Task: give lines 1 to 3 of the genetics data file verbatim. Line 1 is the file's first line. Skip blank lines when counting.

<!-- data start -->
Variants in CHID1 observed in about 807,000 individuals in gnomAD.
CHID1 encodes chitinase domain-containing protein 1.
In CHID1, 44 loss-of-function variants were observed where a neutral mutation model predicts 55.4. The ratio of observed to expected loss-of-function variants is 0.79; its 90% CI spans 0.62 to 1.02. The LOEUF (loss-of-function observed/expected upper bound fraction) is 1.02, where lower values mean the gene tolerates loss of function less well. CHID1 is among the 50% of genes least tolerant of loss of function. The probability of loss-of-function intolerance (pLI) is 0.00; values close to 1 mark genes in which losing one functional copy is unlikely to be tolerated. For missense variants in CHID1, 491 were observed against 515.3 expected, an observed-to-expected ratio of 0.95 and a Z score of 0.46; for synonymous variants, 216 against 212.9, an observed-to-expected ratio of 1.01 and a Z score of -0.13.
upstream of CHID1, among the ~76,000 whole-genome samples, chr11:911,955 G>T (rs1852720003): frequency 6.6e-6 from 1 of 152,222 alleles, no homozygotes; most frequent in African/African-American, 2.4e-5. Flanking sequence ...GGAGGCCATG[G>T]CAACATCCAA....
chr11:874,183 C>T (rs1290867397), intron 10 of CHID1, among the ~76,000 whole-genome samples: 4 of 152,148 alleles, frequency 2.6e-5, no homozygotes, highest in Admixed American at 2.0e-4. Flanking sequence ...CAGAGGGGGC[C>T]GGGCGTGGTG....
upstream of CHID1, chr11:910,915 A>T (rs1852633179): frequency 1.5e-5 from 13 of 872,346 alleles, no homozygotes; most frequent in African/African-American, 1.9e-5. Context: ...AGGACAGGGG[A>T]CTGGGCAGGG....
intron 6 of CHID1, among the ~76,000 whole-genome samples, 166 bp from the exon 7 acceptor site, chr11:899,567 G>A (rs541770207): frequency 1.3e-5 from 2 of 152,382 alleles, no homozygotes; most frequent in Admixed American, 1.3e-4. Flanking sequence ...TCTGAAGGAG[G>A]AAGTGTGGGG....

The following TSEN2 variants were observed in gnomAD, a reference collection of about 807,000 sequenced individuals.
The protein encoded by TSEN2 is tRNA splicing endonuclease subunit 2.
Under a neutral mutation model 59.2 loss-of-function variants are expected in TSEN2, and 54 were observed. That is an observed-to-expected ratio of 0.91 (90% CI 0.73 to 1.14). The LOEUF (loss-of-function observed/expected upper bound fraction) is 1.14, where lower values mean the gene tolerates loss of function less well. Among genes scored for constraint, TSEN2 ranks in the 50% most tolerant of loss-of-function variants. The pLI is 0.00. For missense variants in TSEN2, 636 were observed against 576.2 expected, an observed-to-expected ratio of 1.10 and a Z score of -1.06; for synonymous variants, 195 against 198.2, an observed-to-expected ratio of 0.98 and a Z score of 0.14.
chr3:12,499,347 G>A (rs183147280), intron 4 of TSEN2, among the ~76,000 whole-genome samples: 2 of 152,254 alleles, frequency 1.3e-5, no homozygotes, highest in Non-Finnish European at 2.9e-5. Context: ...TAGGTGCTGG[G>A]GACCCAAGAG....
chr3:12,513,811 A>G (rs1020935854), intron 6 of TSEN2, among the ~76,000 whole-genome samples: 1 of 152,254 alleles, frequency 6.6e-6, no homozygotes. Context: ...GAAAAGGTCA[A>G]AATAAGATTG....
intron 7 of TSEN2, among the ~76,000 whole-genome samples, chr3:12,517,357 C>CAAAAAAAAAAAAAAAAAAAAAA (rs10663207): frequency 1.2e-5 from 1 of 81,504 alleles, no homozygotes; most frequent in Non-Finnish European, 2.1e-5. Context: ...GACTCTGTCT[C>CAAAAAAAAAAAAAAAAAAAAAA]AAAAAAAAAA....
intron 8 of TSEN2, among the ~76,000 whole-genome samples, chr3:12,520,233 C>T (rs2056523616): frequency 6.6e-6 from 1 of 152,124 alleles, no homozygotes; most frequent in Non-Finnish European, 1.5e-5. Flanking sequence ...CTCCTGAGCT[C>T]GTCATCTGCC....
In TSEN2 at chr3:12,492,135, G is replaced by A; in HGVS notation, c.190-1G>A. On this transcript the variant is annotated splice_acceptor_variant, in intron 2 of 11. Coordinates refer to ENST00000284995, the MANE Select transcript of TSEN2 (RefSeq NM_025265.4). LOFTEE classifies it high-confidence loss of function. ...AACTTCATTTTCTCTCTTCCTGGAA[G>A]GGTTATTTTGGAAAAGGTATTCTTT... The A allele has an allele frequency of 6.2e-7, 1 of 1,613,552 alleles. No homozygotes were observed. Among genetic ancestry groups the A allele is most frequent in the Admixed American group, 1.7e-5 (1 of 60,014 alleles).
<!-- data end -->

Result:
Variants in CHID1 observed in about 807,000 individuals in gnomAD.
CHID1 encodes chitinase domain-containing protein 1.
In CHID1, 44 loss-of-function variants were observed where a neutral mutation model predicts 55.4. The ratio of observed to expected loss-of-function variants is 0.79; its 90% CI spans 0.62 to 1.02. The LOEUF (loss-of-function observed/expected upper bound fraction) is 1.02, where lower values mean the gene tolerates loss of function less well. CHID1 is among the 50% of genes least tolerant of loss of function. The probability of loss-of-function intolerance (pLI) is 0.00; values close to 1 mark genes in which losing one functional copy is unlikely to be tolerated. For missense variants in CHID1, 491 were observed against 515.3 expected, an observed-to-expected ratio of 0.95 and a Z score of 0.46; for synonymous variants, 216 against 212.9, an observed-to-expected ratio of 1.01 and a Z score of -0.13.